Great Barrier Island, off the northern coast of New Zealand, is an awe-striking natural landscape characterized by wind-swept coastline and Puriri woods. Nestled among the forest is the Great Barrier House, a beautiful piece of sustainable architecture that's enough to make you drool. Designed by Crosson Clarke Carnachan Architects, the elevated home is made from sustainably-harvested timber and features rain catchments and solar power.
The family who owns is are understandably psyched with the results. Here's what they told the architects in an email:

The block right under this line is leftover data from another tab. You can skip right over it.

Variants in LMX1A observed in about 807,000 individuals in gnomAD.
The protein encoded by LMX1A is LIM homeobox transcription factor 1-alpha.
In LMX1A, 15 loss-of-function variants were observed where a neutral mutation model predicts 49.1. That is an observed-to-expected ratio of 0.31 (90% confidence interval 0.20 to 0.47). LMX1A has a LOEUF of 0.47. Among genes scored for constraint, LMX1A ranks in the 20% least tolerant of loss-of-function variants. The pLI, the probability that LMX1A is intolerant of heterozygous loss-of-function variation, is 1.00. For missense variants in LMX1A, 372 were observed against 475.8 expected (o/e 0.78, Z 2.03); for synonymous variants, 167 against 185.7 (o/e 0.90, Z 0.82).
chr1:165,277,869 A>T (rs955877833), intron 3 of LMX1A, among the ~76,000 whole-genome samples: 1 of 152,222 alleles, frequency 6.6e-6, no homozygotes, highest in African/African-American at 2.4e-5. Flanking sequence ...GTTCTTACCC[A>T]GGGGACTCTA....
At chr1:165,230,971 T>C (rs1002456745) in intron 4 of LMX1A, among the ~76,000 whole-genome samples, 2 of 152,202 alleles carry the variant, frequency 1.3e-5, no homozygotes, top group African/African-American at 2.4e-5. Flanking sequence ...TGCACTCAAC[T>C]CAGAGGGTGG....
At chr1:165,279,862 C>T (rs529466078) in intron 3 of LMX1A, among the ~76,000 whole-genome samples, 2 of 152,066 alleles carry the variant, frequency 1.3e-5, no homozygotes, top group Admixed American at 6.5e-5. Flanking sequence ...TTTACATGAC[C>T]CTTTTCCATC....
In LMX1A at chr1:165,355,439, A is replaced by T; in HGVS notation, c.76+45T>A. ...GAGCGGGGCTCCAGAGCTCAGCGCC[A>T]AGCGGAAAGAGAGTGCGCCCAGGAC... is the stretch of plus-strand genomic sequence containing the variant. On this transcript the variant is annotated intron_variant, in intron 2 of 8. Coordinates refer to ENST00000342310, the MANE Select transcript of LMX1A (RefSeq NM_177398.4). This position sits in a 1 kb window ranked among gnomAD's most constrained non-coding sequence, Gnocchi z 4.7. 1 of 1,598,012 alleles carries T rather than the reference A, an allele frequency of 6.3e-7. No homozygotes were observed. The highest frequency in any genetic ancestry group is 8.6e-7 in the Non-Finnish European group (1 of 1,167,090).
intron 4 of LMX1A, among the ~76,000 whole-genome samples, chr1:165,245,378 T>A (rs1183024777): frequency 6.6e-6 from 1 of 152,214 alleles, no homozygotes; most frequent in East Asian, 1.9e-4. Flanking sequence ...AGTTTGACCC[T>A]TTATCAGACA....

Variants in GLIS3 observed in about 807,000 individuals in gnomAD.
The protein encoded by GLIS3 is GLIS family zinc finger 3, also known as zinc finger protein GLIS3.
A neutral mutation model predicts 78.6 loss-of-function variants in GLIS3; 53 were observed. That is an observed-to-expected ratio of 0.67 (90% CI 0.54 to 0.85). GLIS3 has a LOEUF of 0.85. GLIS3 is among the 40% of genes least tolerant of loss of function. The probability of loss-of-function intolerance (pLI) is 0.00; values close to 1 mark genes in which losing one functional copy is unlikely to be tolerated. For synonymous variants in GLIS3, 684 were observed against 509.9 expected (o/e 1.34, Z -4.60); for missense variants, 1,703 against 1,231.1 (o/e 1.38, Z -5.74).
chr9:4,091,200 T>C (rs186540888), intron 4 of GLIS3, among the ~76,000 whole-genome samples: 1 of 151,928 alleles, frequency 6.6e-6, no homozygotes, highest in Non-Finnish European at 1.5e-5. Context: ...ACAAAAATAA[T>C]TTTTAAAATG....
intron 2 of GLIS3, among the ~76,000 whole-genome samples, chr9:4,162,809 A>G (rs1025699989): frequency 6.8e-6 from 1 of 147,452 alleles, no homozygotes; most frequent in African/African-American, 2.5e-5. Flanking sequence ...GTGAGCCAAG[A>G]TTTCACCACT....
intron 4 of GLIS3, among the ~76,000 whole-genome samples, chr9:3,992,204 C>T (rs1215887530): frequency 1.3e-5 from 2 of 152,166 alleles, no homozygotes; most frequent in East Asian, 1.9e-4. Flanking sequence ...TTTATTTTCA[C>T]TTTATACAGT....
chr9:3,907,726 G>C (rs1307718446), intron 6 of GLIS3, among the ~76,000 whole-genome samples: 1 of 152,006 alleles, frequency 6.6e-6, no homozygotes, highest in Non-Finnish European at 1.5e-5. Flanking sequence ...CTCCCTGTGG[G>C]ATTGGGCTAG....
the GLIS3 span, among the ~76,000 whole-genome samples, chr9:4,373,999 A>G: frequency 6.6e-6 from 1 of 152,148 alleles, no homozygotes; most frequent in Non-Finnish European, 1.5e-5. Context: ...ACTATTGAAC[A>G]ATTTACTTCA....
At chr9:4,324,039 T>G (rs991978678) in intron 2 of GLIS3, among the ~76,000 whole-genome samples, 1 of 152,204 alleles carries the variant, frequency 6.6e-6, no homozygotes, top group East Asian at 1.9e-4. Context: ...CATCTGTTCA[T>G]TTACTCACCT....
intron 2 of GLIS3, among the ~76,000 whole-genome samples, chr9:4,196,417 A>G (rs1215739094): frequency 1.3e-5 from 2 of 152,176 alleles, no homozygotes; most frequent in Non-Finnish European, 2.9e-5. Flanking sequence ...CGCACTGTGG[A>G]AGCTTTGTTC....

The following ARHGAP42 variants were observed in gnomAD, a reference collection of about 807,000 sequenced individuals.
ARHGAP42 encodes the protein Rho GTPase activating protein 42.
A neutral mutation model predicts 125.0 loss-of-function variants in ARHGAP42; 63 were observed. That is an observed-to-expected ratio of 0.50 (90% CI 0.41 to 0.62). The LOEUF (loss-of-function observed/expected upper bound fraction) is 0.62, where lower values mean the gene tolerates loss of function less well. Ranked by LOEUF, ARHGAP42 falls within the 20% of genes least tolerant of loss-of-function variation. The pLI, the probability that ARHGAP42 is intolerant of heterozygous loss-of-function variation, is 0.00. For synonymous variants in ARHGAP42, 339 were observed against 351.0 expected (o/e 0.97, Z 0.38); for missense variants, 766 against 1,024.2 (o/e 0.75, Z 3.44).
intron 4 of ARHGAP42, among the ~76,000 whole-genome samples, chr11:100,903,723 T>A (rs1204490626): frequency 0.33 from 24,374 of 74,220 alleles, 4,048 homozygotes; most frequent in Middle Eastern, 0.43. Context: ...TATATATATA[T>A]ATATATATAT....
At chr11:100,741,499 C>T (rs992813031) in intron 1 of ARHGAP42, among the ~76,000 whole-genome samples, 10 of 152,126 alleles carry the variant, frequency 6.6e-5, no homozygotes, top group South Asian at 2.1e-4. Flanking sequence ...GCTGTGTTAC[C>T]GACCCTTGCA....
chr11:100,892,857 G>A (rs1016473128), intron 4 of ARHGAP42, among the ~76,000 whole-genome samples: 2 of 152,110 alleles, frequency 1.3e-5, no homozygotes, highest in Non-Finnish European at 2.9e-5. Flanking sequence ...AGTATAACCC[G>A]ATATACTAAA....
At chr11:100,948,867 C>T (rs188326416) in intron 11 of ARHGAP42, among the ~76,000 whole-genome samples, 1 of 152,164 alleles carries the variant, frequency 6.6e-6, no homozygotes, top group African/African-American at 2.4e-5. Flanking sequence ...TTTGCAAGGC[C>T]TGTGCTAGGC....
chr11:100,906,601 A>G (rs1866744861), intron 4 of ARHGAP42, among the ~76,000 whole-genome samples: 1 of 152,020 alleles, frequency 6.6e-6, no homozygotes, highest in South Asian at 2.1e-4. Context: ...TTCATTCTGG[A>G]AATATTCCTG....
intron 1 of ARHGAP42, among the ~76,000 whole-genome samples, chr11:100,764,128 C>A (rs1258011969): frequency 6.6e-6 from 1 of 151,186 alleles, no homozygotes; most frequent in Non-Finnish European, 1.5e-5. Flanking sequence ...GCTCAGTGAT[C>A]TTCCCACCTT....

“It is an astonishingly decadent feeling lying in a bath of free water, heated by the sun, pumped by solar power. Free as anything! Hot water gets up to 68 degrees in the tank from the sun, and has to be cooled to come out the tap. With 9 staying and all the laptops, music, washing etc we’ve only run the generator 3 times ever. All the irrigation systems do clever things. So it’s more than a PC nod to sustainability, as you know from all our fussing about timbers and paints.”
Jealous yet? Same here.